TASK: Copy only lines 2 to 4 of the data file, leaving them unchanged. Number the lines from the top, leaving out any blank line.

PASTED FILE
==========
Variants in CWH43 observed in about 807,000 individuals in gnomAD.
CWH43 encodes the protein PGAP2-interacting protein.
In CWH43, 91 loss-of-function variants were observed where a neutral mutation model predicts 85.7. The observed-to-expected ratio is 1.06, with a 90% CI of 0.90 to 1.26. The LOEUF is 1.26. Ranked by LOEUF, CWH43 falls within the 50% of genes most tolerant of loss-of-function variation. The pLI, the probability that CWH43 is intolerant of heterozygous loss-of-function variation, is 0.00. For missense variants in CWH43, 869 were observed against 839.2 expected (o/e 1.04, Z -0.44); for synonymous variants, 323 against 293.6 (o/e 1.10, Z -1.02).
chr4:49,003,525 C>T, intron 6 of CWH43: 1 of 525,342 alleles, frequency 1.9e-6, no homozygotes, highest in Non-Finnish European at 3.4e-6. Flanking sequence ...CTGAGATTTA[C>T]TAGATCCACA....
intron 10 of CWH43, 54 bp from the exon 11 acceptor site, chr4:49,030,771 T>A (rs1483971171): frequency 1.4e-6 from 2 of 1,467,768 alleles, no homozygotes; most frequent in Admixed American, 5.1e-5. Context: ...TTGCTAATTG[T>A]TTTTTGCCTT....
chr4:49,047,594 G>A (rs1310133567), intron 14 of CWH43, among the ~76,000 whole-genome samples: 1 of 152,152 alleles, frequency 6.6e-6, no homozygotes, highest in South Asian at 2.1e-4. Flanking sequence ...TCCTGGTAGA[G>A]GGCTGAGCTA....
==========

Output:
CWH43 encodes the protein PGAP2-interacting protein.
In CWH43, 91 loss-of-function variants were observed where a neutral mutation model predicts 85.7. The observed-to-expected ratio is 1.06, with a 90% CI of 0.90 to 1.26. The LOEUF is 1.26. Ranked by LOEUF, CWH43 falls within the 50% of genes most tolerant of loss-of-function variation. The pLI, the probability that CWH43 is intolerant of heterozygous loss-of-function variation, is 0.00. For missense variants in CWH43, 869 were observed against 839.2 expected (o/e 1.04, Z -0.44); for synonymous variants, 323 against 293.6 (o/e 1.10, Z -1.02).
chr4:49,003,525 C>T, intron 6 of CWH43: 1 of 525,342 alleles, frequency 1.9e-6, no homozygotes, highest in Non-Finnish European at 3.4e-6. Flanking sequence ...CTGAGATTTA[C>T]TAGATCCACA....